On September 8, 2006, the government came to the same conclusion and passed Chilean Law 20.117, which recognized the “existence and cultural attributes of the Diaguita ethnicity and the indigenous nature of the Diaguita people.” That declaration has significant cultural implications, of course, but it also has major political ramifications. The recognition of the Diaguita as indigenous people gives them rights to their traditional lands, but a significant portion of those lands have already been appropriated by the state, and that land is now extremely valuable.
The Diaguitas’ land was taken from them not by the Spaniards during 16th century colonization, but in 1997, when the government claimed 40 percent of the Diaguitas’ territory and divided it into three haciendas. One of those haciendas, Chollay, is currently being developed by the Barrick Gold Corporation of Canada. In October 2006, Nevada, Ltd., a subsidiary of Barrick Gold, began the construction of Pascua Lama gold mine in the mountains above Huasco Valley. The company is digging a gorge about a mile long and 1,800 feet deep, where ore will be extracted and processed using cyanide (the standard method for processing gold ore). The corporation had proposed drilling into three glaciers, one of which feeds the Huasco River, until valley residents and international environmentalists protested in Huasco’s main city of Vallenar and in Santiago throughout 2005.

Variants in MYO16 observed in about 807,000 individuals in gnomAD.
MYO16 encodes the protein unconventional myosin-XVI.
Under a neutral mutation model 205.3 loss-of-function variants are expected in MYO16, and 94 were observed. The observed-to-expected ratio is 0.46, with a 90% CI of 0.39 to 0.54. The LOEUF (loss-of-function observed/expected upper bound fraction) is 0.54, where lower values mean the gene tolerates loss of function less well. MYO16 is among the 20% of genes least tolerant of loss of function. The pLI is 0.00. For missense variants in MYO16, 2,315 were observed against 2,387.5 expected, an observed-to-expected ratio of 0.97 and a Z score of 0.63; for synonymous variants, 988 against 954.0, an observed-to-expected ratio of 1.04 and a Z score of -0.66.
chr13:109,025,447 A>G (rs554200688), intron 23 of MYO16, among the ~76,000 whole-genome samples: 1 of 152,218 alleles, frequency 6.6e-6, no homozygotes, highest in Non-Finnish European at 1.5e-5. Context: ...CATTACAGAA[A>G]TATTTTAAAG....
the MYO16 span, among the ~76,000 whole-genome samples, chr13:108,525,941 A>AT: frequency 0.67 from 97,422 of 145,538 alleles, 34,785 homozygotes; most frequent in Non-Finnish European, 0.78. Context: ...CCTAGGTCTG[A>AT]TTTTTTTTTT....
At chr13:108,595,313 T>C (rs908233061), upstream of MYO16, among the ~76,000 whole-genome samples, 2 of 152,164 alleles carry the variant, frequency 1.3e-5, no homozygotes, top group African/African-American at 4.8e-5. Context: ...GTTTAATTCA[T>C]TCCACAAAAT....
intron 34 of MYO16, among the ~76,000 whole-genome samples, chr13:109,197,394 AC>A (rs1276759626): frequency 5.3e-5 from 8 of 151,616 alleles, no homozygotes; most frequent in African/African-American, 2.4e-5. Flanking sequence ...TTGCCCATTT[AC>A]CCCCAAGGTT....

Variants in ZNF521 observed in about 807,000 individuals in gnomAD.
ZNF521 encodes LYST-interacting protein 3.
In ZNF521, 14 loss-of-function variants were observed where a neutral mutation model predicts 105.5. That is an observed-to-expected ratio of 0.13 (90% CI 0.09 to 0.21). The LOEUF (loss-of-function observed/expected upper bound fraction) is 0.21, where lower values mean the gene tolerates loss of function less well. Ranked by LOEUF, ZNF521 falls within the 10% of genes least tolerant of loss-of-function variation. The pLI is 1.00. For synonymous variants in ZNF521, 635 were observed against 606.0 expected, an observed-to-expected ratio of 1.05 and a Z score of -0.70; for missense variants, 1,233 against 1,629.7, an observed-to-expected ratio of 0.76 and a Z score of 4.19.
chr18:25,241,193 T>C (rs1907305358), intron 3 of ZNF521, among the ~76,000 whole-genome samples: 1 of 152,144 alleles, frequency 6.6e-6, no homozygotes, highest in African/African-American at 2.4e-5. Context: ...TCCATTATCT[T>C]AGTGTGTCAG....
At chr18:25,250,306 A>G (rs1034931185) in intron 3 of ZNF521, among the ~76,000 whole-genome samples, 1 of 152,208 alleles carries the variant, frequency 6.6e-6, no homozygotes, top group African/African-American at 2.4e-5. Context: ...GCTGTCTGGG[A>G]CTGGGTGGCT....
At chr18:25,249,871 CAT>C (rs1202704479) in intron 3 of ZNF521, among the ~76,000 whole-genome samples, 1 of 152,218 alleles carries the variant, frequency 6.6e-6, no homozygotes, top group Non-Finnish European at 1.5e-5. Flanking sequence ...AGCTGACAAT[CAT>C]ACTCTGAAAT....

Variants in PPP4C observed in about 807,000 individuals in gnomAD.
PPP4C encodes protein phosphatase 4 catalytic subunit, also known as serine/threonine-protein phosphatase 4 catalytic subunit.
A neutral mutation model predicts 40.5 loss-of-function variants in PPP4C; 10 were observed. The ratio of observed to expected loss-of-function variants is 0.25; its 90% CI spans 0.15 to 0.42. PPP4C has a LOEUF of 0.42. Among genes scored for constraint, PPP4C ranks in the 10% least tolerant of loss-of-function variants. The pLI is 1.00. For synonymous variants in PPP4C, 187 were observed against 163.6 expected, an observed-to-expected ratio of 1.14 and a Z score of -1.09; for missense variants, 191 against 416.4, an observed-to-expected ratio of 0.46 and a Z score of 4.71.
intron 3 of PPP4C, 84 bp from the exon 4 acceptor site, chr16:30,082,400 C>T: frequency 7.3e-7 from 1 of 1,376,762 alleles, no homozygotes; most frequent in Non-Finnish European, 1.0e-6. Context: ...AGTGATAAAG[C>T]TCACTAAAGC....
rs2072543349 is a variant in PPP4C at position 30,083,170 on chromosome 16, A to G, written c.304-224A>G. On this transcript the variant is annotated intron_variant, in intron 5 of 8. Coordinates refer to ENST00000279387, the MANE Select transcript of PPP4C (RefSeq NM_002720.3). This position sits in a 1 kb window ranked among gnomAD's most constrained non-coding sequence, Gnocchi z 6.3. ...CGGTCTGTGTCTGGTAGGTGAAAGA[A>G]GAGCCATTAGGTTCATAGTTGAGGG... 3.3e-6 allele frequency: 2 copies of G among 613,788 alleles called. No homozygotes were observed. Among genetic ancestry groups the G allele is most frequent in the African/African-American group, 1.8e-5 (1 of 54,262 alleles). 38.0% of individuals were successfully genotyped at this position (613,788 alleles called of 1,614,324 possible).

Swayed to some degree by the protests, the Chilean government barred the mining company from touching the glaciers, and with that most serious concern addressed, gave the project final approval in early 2006. The company itself claims it will minimize the social and environmental impacts of its operations. They will give the local government $60 million for agriculture and will invest a further $10 million in the valley’s towns. In addition, the mine has hired the most advanced mining experts and is using state-of-the-art technology. “It still puzzles me why there is so much controversy,” Pascua-Lama project manager Ron Kettles told the New York Times. “This is far and away the safest and most environmentally sensitive project that I’ve ever built in 40 years in this business.”